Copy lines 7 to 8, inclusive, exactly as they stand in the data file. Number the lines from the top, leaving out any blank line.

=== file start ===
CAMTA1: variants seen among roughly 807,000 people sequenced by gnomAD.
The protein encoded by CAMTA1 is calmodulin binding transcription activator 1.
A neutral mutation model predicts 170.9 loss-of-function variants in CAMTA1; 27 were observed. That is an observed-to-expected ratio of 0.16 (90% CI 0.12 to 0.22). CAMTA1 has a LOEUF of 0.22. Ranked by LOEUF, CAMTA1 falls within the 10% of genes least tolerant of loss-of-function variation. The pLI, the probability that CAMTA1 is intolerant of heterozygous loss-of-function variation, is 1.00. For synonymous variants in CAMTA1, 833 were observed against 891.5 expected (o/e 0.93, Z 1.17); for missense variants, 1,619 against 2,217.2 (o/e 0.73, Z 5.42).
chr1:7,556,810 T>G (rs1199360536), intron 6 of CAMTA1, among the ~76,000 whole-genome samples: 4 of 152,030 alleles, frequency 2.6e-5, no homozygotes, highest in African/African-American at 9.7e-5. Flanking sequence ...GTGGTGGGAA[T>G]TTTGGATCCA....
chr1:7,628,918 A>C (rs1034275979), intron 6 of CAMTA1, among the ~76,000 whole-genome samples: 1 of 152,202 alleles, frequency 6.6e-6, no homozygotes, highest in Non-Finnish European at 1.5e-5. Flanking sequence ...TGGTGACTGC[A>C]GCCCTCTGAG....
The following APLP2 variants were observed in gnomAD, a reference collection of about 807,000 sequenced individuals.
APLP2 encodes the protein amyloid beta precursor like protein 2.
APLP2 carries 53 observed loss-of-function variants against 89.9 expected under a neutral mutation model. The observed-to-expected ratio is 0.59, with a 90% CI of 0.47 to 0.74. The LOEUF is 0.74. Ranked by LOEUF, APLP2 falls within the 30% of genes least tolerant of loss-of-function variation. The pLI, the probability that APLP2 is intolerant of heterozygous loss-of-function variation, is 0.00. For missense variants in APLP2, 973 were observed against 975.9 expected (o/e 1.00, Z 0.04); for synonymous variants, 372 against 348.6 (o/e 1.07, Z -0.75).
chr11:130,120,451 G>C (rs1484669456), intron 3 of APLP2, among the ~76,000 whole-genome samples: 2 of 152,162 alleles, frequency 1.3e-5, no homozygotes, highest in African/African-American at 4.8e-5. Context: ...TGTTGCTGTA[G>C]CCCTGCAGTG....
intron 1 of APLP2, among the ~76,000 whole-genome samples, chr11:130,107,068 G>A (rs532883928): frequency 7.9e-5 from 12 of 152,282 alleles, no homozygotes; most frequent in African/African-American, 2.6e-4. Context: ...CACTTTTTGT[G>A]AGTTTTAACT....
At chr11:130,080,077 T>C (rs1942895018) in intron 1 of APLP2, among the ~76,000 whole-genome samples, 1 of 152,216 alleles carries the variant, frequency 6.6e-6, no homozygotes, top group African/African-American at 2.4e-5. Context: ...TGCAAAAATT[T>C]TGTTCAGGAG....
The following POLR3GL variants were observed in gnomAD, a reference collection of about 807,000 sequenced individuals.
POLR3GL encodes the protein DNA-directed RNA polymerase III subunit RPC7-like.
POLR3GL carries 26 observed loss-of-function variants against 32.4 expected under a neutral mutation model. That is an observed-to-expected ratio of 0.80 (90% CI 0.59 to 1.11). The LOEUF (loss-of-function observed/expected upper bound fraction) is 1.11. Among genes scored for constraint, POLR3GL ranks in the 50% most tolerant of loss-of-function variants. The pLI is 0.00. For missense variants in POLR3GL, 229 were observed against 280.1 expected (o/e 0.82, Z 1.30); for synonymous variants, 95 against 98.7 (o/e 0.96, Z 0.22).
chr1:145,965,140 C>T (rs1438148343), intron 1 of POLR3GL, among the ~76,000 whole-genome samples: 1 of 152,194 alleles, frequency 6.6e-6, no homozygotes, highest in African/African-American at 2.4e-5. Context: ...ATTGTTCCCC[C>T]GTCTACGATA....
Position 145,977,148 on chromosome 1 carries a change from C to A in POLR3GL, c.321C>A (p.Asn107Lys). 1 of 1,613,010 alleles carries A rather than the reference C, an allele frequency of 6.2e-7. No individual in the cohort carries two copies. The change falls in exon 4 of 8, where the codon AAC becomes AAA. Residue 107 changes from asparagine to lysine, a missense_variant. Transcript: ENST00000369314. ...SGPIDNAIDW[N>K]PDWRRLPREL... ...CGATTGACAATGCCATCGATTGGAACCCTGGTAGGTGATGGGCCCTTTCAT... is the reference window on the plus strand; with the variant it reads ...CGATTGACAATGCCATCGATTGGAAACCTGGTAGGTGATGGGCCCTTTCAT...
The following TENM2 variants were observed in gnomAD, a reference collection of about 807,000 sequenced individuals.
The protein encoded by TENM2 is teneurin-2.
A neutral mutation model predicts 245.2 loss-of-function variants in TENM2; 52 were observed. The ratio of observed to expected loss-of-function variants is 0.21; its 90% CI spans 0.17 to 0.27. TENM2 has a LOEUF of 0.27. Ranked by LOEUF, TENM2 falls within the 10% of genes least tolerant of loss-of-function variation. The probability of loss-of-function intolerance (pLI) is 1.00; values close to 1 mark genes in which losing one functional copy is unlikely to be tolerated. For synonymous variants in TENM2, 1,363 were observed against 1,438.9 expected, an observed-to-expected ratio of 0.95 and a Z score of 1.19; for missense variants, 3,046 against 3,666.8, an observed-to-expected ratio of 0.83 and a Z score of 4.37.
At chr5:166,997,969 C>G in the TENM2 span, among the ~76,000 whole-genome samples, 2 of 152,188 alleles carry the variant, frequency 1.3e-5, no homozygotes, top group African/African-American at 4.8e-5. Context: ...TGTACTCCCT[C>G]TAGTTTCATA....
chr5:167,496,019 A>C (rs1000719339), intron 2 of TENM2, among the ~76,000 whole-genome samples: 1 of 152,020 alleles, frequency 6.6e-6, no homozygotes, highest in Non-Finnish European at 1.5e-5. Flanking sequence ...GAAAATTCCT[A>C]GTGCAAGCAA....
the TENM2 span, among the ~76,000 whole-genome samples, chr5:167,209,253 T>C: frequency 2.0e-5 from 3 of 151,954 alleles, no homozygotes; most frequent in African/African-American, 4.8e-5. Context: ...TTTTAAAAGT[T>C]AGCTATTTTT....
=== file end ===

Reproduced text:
APLP2 encodes the protein amyloid beta precursor like protein 2.
APLP2 carries 53 observed loss-of-function variants against 89.9 expected under a neutral mutation model. The observed-to-expected ratio is 0.59, with a 90% CI of 0.47 to 0.74. The LOEUF is 0.74. Ranked by LOEUF, APLP2 falls within the 30% of genes least tolerant of loss-of-function variation. The pLI, the probability that APLP2 is intolerant of heterozygous loss-of-function variation, is 0.00. For missense variants in APLP2, 973 were observed against 975.9 expected (o/e 1.00, Z 0.04); for synonymous variants, 372 against 348.6 (o/e 1.07, Z -0.75).